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Dr Stuart P Todd
Dr Stuart P Todd, Dentist (DDS or equivalent)
Category: Dental
Satisfied Customers: 6
Experience:  BDS Glas MJDF RCS Eng
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I am a 61 year old female. last 4 years, I have needed

Customer Question

I am a 61 year old female.
For the last 4 years, I have needed approximately 2 crowns a year for cracked teeth.
The teeth crack at the gum line and split the tooth.
Over the last 10 days, I have 3 teeth that have cracked, one fel in two, and the others are just cracked - (the x-ray shows a crack through the tooth from gum to tip of tooth) and I lost another piece of a tooth last evening (near the gum line).
Do you have any idea what might be causing my teeth to crack and fall away from the gum - my dentist seems to be at a loss - other than repairing them with crowns or a bridge.
Submitted: 1 year ago.
Category: Dental
Expert:  Dr. Katz replied 1 year ago.

Did these teeth have large fillings in them when they cracked? Do you have missing teeth that have not been replaced? Do you grind or clench your teeth while sleeping or while you are awake?

Expert:  Dr Stuart P Todd replied 1 year ago.

I agree completely with Dr Kats.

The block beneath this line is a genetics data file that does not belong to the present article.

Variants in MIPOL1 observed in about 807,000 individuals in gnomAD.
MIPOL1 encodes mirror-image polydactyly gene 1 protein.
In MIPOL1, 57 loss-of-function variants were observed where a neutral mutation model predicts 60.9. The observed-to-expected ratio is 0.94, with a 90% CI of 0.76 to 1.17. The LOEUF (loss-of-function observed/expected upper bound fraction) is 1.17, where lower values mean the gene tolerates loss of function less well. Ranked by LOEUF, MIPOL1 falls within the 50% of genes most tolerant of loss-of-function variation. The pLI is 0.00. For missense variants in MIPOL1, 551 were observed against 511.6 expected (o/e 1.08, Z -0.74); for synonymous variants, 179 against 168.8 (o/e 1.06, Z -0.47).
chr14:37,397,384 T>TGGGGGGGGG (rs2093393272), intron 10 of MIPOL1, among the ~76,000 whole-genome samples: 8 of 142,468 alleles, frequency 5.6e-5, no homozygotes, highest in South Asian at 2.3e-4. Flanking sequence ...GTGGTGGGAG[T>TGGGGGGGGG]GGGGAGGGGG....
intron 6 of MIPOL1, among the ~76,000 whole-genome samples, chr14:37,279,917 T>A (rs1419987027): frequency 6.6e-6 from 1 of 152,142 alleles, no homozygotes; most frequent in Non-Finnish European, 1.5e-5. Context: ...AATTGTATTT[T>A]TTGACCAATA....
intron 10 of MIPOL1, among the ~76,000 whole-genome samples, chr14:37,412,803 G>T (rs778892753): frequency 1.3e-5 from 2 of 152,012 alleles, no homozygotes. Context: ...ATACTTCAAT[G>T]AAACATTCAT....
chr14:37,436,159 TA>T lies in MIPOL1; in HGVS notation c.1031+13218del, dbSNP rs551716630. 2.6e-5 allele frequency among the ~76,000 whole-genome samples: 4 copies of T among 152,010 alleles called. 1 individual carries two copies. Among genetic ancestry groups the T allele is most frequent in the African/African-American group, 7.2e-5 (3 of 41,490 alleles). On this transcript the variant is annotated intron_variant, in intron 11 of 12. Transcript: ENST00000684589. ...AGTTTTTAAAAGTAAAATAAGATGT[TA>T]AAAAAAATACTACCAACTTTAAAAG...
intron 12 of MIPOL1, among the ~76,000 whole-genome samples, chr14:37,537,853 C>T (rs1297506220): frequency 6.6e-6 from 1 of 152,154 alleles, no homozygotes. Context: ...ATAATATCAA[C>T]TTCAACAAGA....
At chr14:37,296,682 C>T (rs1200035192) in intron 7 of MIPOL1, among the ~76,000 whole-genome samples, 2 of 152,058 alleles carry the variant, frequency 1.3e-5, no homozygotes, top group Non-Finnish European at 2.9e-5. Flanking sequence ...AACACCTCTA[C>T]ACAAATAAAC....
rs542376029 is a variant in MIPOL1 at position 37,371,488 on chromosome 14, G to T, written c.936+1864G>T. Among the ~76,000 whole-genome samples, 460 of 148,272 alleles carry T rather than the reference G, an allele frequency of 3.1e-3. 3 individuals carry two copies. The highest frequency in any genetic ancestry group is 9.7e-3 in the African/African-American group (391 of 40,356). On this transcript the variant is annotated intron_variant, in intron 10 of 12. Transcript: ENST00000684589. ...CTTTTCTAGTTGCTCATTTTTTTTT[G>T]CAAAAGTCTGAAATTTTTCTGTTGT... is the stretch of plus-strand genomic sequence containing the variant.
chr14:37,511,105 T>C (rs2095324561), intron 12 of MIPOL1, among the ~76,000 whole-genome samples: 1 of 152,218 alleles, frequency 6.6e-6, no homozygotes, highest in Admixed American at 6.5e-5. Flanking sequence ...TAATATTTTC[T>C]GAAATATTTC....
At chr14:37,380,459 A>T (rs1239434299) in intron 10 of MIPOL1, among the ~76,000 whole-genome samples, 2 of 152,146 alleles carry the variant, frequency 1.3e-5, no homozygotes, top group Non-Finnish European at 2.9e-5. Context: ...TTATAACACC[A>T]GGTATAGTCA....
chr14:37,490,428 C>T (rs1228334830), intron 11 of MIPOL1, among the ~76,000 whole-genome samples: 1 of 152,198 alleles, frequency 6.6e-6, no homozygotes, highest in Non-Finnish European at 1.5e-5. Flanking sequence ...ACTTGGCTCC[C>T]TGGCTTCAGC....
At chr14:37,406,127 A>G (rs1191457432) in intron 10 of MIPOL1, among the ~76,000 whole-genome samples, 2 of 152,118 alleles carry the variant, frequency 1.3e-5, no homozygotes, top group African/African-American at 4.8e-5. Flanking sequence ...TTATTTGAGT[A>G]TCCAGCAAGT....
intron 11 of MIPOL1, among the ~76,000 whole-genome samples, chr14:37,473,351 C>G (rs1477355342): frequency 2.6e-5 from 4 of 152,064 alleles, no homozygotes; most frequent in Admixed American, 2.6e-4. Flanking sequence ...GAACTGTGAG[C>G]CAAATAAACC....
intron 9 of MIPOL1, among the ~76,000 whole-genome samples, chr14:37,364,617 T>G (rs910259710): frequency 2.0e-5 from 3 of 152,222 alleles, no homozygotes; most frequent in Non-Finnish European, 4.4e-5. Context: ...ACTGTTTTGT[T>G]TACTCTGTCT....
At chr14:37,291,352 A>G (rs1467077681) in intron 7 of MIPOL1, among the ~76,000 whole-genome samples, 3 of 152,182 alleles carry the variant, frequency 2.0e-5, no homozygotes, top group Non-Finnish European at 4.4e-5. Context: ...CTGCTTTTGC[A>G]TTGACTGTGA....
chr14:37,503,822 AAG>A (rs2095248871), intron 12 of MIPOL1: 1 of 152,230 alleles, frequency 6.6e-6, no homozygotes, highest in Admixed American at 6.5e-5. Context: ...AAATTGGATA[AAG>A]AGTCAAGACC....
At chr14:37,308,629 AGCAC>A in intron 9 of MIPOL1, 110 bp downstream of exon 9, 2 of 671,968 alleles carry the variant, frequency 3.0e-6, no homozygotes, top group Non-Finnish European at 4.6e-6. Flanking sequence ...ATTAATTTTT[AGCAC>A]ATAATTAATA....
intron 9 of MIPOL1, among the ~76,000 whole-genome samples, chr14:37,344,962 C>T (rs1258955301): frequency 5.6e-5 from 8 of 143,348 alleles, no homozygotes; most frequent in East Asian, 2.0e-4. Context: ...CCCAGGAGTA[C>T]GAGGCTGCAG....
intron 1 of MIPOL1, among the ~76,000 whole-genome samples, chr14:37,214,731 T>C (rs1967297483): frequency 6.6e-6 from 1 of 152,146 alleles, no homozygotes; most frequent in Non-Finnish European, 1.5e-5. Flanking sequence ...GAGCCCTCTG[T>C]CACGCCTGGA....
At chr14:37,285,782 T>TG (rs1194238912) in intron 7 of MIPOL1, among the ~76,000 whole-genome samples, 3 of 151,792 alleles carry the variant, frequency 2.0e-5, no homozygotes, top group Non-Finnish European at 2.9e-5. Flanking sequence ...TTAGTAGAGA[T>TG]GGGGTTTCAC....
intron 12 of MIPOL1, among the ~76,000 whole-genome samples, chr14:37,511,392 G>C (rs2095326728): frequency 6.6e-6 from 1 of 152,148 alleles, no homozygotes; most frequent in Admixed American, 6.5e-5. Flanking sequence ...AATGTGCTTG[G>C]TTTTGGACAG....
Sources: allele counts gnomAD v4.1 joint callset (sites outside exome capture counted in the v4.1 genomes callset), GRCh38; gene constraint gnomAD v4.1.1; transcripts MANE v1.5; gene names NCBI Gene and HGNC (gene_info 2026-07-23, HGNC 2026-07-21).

My name is***** and I am a General Dental Practitioner with over 10 years experience in NHS and Private Dental Care in the UK.

"Cracking" or Fracturing teeth can be multifactorial. For example, teeth with exceptionally large restorations / fillings can be more prone to weaker "enamel walls' breaking away from around the old filling / restoration.

Another common cause can be habitual / nocturnal bruxing. Bruxing is essentially grinding or clenching the teeth together. The amount of force that a person can apply as a nocturnal bruxist is exceptionally high and the forces applied to the teeth can lead to breaks or fractures.

My treatment modality is as well as crowning the effected teeth (if clinically justified) to provide a Dual Laminate "Guard". This is almost like a mouthguard but is firm on the outside and soft on the inside surface. This protects the wear and tear to the teeth but also spreads the load more evenly away from the teeth them self and thus dramatically decreases the risks of fracture. The can also act as a "habit breaker' which over time can decrease the subconscious grinding.

I hope this helps.

Kind Regards,

Dr Stuart Todd BDS Glas MJDF RCS Eng
General Dental Practitioner

Expert:  Dr Stuart P Todd replied 1 year ago.

Please remember to Rate your response to your question. this ensures the Experts are Credited for their work.

Kind Regards,

Dr Stuart Todd BDS Glas MJDF RCS Eng

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